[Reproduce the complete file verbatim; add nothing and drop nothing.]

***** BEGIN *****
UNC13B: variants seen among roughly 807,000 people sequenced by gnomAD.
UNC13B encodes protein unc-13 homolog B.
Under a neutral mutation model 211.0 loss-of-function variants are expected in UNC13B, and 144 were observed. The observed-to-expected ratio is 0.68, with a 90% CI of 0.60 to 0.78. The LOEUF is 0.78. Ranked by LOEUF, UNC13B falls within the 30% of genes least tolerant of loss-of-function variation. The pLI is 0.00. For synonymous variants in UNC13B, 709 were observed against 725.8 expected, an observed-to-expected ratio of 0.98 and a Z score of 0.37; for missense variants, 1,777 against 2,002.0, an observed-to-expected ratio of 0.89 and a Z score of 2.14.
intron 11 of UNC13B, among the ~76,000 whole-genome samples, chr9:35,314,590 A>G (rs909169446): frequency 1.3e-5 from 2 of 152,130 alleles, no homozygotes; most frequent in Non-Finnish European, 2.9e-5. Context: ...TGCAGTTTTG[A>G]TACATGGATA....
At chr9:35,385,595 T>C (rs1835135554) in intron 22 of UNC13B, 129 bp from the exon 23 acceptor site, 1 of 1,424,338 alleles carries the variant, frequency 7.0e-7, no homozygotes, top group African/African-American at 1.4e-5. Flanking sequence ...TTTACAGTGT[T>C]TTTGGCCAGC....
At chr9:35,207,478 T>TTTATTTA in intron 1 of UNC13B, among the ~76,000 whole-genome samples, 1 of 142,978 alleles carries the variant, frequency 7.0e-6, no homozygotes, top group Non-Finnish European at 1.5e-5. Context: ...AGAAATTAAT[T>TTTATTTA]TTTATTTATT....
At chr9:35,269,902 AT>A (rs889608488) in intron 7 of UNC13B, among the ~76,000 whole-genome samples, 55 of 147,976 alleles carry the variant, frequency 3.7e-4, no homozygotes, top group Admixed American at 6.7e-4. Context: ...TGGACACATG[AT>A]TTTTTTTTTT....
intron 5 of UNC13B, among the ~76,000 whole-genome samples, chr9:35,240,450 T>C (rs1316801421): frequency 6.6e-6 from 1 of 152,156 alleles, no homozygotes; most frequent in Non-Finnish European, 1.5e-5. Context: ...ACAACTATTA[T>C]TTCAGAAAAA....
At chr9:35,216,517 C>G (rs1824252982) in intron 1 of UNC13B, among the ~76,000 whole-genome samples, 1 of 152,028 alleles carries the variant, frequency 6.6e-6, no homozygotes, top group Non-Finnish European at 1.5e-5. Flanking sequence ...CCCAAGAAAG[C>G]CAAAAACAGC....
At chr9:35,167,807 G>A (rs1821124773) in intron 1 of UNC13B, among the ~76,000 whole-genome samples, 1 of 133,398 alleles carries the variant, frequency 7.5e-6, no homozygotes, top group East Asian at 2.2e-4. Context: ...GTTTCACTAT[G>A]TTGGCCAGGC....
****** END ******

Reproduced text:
UNC13B: variants seen among roughly 807,000 people sequenced by gnomAD.
UNC13B encodes protein unc-13 homolog B.
Under a neutral mutation model 211.0 loss-of-function variants are expected in UNC13B, and 144 were observed. The observed-to-expected ratio is 0.68, with a 90% CI of 0.60 to 0.78. The LOEUF is 0.78. Ranked by LOEUF, UNC13B falls within the 30% of genes least tolerant of loss-of-function variation. The pLI is 0.00. For synonymous variants in UNC13B, 709 were observed against 725.8 expected, an observed-to-expected ratio of 0.98 and a Z score of 0.37; for missense variants, 1,777 against 2,002.0, an observed-to-expected ratio of 0.89 and a Z score of 2.14.
intron 11 of UNC13B, among the ~76,000 whole-genome samples, chr9:35,314,590 A>G (rs909169446): frequency 1.3e-5 from 2 of 152,130 alleles, no homozygotes; most frequent in Non-Finnish European, 2.9e-5. Context: ...TGCAGTTTTG[A>G]TACATGGATA....
At chr9:35,385,595 T>C (rs1835135554) in intron 22 of UNC13B, 129 bp from the exon 23 acceptor site, 1 of 1,424,338 alleles carries the variant, frequency 7.0e-7, no homozygotes, top group African/African-American at 1.4e-5. Flanking sequence ...TTTACAGTGT[T>C]TTTGGCCAGC....
At chr9:35,207,478 T>TTTATTTA in intron 1 of UNC13B, among the ~76,000 whole-genome samples, 1 of 142,978 alleles carries the variant, frequency 7.0e-6, no homozygotes, top group Non-Finnish European at 1.5e-5. Context: ...AGAAATTAAT[T>TTTATTTA]TTTATTTATT....
At chr9:35,269,902 AT>A (rs889608488) in intron 7 of UNC13B, among the ~76,000 whole-genome samples, 55 of 147,976 alleles carry the variant, frequency 3.7e-4, no homozygotes, top group Admixed American at 6.7e-4. Context: ...TGGACACATG[AT>A]TTTTTTTTTT....
intron 5 of UNC13B, among the ~76,000 whole-genome samples, chr9:35,240,450 T>C (rs1316801421): frequency 6.6e-6 from 1 of 152,156 alleles, no homozygotes; most frequent in Non-Finnish European, 1.5e-5. Context: ...ACAACTATTA[T>C]TTCAGAAAAA....
At chr9:35,216,517 C>G (rs1824252982) in intron 1 of UNC13B, among the ~76,000 whole-genome samples, 1 of 152,028 alleles carries the variant, frequency 6.6e-6, no homozygotes, top group Non-Finnish European at 1.5e-5. Flanking sequence ...CCCAAGAAAG[C>G]CAAAAACAGC....
At chr9:35,167,807 G>A (rs1821124773) in intron 1 of UNC13B, among the ~76,000 whole-genome samples, 1 of 133,398 alleles carries the variant, frequency 7.5e-6, no homozygotes, top group East Asian at 2.2e-4. Context: ...GTTTCACTAT[G>A]TTGGCCAGGC....